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Hot fishing in the cold
  |  First Published: July 2012



A fishing holiday to Cooktown has never been a better option, as the blue water and reef action has been red hot. However for travelling anglers, unless you are towing a 20ft+ boat, it will be very hard to get out amongst the action without causing sever discomfort to your lower back.

To put it simply, Cooktown is one of Queensland’s windiest fishing destinations. The trade winds blow 25 knot southeast for 8-9 months at a time. When the winds abate during winter the main street is a ghost town with nearly every local out on the reef getting stuck into trout, reds and pelagics.

I will try and give a few basic and, some would say obvious, pointers to further your hope of getting into some decent fish when the reefs and headlands are out of action.

A lot of people think that the Lakefield National Park is out of action for any decent barra fishing over the cooler winter month. Although the July to August months can slow things up a bit, the chance of tangling with some 70-80cm fish is a very real option.

Even though the hordes of grey nomads that visit Lakefield over the winter months put real fishing pressure on some of the more popular waterholes and the increased boat traffic can cause fish to sulk, don’t be fooled into thinking that they will be off the bite. I believe that about 90% of visiting anglers fish the park in the wrong way. Most tourists think that they are fishing a large territory river system, like the Daly or Mary, and proceed to troll hours on end up the centre of the river or waterhole. While you will still manage the odd fish here and there, you are basically trying to pin the tail on the donkey blindfolded. There is just too much water to fish blindfolded.

A good mate and 25+ year local Cooktown resident, Robbie Giblin has had countless sessions of three digit barra scores on individual days in the park. Without giving too many secrets of his away, if you want to catch big numbers of better-sized barra in the park, give the trolling a miss and start looking at casting lures at structure.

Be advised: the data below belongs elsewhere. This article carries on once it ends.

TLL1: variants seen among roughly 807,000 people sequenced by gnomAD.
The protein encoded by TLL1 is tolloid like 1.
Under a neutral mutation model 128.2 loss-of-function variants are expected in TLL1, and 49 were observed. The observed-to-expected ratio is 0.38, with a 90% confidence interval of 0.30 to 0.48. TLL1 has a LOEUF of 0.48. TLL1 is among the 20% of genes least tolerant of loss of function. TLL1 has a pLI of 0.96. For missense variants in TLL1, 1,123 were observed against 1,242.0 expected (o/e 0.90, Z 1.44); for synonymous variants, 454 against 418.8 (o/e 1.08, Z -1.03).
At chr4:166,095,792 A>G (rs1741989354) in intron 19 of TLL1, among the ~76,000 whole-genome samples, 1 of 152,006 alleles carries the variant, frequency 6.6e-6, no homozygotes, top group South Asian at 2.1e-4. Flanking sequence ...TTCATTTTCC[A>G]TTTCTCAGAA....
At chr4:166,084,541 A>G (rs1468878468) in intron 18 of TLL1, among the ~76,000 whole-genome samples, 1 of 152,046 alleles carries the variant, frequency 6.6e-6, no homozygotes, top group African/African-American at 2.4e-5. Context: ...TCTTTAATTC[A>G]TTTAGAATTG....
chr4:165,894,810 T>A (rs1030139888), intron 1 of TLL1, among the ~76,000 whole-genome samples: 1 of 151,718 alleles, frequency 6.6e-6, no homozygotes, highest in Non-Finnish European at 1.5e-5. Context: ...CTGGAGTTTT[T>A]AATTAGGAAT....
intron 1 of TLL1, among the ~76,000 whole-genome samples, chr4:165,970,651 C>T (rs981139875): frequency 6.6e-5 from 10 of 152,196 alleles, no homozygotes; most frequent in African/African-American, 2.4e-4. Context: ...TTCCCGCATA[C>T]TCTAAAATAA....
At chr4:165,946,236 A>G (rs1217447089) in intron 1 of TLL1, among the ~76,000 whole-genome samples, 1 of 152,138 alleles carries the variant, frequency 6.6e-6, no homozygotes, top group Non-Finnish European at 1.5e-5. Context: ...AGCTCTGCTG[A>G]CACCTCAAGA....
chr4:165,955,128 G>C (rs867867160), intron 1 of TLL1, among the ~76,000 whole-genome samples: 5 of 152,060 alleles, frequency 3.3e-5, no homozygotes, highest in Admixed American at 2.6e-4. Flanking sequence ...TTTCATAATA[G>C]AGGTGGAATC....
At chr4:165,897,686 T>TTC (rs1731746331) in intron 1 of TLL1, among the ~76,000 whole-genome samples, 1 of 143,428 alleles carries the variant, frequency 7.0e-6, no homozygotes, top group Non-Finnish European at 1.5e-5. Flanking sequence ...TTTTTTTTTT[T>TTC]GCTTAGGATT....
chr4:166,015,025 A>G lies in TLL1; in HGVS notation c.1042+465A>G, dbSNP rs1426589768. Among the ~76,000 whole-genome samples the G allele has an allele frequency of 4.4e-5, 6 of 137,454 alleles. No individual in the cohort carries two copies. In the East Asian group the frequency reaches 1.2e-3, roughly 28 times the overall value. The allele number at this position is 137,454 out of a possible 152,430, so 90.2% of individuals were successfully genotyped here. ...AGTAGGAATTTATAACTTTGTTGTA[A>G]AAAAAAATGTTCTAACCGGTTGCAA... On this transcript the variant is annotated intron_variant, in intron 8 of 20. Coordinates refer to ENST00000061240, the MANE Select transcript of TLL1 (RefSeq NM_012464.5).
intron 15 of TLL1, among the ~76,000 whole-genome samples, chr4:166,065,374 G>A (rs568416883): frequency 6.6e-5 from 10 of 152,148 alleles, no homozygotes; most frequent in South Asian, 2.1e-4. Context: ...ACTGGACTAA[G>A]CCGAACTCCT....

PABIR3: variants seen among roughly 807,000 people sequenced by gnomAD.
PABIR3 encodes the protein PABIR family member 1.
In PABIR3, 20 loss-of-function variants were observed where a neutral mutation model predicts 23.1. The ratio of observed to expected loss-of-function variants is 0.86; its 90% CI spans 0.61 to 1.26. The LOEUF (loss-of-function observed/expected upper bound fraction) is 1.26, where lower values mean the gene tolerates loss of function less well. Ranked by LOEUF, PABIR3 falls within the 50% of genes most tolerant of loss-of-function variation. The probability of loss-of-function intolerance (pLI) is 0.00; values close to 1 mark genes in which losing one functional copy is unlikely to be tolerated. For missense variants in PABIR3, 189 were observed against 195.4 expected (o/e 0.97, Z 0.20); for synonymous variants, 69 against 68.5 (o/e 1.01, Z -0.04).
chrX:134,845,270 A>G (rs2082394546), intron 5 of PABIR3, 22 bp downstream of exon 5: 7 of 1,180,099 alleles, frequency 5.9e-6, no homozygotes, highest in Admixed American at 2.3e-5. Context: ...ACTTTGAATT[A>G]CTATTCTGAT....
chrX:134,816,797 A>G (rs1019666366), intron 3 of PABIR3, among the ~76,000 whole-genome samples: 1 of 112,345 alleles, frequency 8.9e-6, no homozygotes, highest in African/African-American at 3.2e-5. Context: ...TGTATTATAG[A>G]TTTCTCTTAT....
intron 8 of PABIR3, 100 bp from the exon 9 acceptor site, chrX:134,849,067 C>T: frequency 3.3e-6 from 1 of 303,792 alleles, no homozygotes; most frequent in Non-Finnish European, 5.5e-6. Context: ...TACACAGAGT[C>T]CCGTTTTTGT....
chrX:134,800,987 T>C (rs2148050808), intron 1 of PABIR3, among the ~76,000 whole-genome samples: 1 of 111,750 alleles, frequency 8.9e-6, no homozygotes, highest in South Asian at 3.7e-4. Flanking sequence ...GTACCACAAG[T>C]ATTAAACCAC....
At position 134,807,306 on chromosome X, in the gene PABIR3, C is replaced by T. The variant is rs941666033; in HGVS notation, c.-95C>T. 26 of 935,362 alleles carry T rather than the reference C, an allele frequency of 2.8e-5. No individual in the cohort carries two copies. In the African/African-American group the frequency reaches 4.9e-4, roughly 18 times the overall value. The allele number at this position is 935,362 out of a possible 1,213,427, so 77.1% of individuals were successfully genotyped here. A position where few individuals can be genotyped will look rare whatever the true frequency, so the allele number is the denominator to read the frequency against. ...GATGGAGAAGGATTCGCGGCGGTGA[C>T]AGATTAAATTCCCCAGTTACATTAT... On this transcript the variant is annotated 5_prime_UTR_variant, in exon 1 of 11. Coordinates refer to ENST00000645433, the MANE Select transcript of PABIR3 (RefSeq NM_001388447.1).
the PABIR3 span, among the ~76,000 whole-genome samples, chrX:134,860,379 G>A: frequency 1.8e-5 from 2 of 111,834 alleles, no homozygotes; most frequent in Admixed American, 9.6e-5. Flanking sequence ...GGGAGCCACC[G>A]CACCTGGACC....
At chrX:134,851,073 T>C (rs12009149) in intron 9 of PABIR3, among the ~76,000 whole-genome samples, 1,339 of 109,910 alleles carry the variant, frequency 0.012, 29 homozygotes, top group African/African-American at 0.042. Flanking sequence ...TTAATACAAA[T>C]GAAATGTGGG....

It doesn’t matter what area in the park you are fishing, there are always plenty of snags, rock bars, overhanging foliage or washed out banks that will hold barra in good numbers.

Lures to take are a no brainer (I may be biased) and have caught me fish everywhere from the Kimberley to Noosa. A must-have selection for Northern species include Richo Sardine and Richo Extractor, Leads Shad (if you can ever get hold of them), half a dozen of the smallest Halco Rooster poppers, a heap of 75/80mm Squidgy Fish in evil minnow colour and, the northern cliché, the humble Gold Bomber. There is not a fish that you can’t catch in Northern waters with these lures in your box.

Call into The Lure Shop and have a yarn about what is biting and with a bit of luck you may run into a few top barra anglers that regularly frequent the shop chatting to Russell. Do yourself a favour and listen to what they have to say as you can learn more about a remote destination in a 30 minute conversation with someone like Robbie than you will over a lifetime of trial and error.

Before planning a trip to Cooktown, give Russell at The Lure Shop a call on (07) 4069 5396 for all of the info and gear that you could need for the local area as the Lure Shop is Cape York’s largest range of fishing, hunting and boating equipment.

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